So I Googled "comedic monologues" for a while until I found this one from I Hate Hamlet. It looked easy enough to memorize in 48 hours. And, in fact, I had it pretty well memorized by that night, but I hadn't figured out my acting choices. So I enlisted Jaime's help, and she gave me some tips, and she even gave me some coaching on Friday night and told me that I wasn't supposed to look at the auditors, which I totally would have done if she hadn't said so. I'd never done a "real" audition like this, so she told me the drill. (Incidentally, the monologue I picked was the first monologue Dan ever used in high school. Yeah, I picked a high school-level monologue. Awesome! I had 48 hours, okay?)
No, seriously, almost literally 48 hours after I discovered the existence of this audition, I arrived at the theatre. They were holding open auditions, and it looked as if only eight other people had come that day, so...maybe my chances were good? They were a new theatre company, and this was their second show. After I filled out my information sheet, they called me in, and I walked to the X onstage as instructed and introduced myself and my monologue. And then, even though I had delivered it so well in the parking lot, I fucked up nearly every line. I forgot phrases and inserted them afterward; I skipped lines and said them afterward. Thankfully, the monologue was one that could accommodate that, and unless they knew the text, they wouldn't really notice that I was blowing it.
One of the directors—there were two women—commented on my Threadless shirt. I hoped that would score me some points.
The directors discussed and then handed me a cold read for Einstein, which I did okay with. Then one handed me another side for Einstein with a little more meat to it, and I enjoyed it. Then one director appeared to be satisfied, but the other wanted me to do the Sagot monologue. So I did it, and then she asked me to do it again, this time slower and channeling my inner cheesy used car salesman. I did not know I had one, but I found him in there and did my best. That was that, and callbacks were Friday.
Days passed, and I tried not to get my hopes up. Final auditions were on Wednesday, so I figured I'd hear about callbacks on Thursday. I tried not to think about it, and, honest-to-God, right at the very moment I had given up hope, my phone rang. They were very excited about my audition, and they wanted to see me tomorrow at 4. That was difficult since I worked till 5. They wanted to see me for at least an hour, so she said to come at 6.
Jaime told me to read the play so that I would better know the characters and the context of the cold reads, so I got it from the library and read it. That night, the director also sent me some notes on what they wanted to see from me at callbacks. Much more confidence, stronger choices, moving around and using the space, and slowing the fuck down. (That last one is a paraphrase.) All valid comments and things I knew I needed to improve. Regardless of the outcome, however, I got a callback with a monologue I had learned in 48 hours.
When I showed up to callbacks, there were several people there. I wasn't sure how things were being run. They appeared to be on a break. Also, they all appeared to know each other. Were they all in the last show? Were they all friends? What was I doing here? When they saw that I'd arrived, the directors called me over and asked if I could do an Elvis impersonation. "Not really?" I said. So they sent me away. Alas, if I could, I could at least be a candidate for the Visitor. Later, they called me over—"Come closer so everyone doesn't hear your business"—to ask about my two weeks in September and how set in stone it was. I said the dates I gave them were conservative, but it was looking like I probably would be gone that long. They sent everyone out so I could do an individual cold read with them as Picasso, whom I was supposed to read as very sexy. I did make one of the directors chuckle.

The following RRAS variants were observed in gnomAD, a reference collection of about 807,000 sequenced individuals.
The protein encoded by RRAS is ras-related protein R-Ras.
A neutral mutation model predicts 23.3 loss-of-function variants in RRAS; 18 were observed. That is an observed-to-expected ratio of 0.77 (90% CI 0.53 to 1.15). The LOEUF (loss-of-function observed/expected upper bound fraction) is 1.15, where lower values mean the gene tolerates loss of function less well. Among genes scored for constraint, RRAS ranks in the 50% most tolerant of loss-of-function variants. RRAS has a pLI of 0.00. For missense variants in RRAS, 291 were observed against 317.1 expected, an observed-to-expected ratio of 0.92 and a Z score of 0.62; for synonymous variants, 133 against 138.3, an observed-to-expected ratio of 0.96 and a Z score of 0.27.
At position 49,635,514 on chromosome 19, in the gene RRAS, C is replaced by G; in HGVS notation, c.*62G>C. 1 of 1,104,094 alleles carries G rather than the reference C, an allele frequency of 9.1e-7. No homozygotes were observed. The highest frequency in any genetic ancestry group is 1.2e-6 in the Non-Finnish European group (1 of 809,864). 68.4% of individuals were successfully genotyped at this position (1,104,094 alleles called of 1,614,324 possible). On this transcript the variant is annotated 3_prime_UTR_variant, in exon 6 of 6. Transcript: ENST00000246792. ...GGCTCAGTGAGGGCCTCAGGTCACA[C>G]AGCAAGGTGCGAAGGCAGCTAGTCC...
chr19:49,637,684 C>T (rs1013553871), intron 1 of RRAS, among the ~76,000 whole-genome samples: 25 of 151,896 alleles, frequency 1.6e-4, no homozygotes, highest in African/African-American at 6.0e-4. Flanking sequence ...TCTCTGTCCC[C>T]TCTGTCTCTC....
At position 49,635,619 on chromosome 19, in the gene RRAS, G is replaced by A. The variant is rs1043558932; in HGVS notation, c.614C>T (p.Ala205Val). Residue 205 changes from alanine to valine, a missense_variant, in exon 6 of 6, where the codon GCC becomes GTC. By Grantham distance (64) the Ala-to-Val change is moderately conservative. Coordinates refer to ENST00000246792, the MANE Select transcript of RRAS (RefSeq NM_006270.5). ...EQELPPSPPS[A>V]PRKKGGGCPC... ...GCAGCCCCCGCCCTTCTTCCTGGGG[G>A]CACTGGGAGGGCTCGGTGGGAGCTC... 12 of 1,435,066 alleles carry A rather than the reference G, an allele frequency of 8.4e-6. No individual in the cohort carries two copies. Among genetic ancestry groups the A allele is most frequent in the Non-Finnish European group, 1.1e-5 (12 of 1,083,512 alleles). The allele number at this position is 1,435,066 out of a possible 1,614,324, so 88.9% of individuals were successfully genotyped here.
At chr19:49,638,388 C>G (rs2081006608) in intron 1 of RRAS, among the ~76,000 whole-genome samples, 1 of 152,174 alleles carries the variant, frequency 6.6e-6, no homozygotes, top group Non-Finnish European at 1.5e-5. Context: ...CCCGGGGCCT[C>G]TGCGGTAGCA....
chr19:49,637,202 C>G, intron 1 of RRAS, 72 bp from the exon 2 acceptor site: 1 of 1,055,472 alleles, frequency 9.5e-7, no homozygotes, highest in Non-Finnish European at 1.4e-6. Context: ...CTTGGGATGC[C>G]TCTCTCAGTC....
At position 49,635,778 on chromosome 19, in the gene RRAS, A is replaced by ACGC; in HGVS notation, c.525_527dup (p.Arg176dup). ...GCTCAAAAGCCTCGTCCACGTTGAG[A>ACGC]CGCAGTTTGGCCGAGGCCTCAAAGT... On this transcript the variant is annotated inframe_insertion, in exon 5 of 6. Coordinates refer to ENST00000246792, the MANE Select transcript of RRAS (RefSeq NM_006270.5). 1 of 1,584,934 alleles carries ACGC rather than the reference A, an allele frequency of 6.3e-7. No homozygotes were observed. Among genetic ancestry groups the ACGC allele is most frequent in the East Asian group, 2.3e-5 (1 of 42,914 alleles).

They brought everyone back in to do scenes. I was not asked to do any scenes. And then, thirty minutes before the end of callbacks, they announced they had cast the show. Unsurprisingly, I was not in it, but it appeared that most of the people in the room were, which led me to believe that they had only called back their very top tier of people they liked. Also, I gathered that the callbacks were actually from 4 to 7 with EVERYONE, not specific one-hour slots. Or maybe they had been sending people away throughout the session, I don't know.
In any case, I felt a little awkward, but before leaving dejected, I thought I'd go ask if they needed someone to run lights. As I approached, one of the directors asked if I was interested in doing tech, and I said I was about to ask if they needed someone to run lights. They were very excited and told me I was awesome and gave me high-fives.
She said that just so I knew, I was "outrageously talented," but it was being gone for two weeks in September that killed me, which I completely understood, as I'd been upfront about it. (I didn't understand the "outrageously talented" part because, what? I am moderately talented at best!) The other director said I seemed like I'd be a joy to work with, and they definitely wanted me to come back for future shows.
In the end, this wasn't really an audition for this show but for this theatre company. They're looking to build a company of actors, and they wanted to see me again at callbacks even though the odds were against me, even though I think the show was pretty much cast by the time I walked in. I returned to the theatre after dinner with Seanan for a really funny improv show featuring one of the directors and a few of the actors, but I declined to join everyone for post-show Denny's since I felt like an outsider. Come hell week, however, I'll be a part of a new theatre group.
And all because I decided to learn a monologue in 48 hours.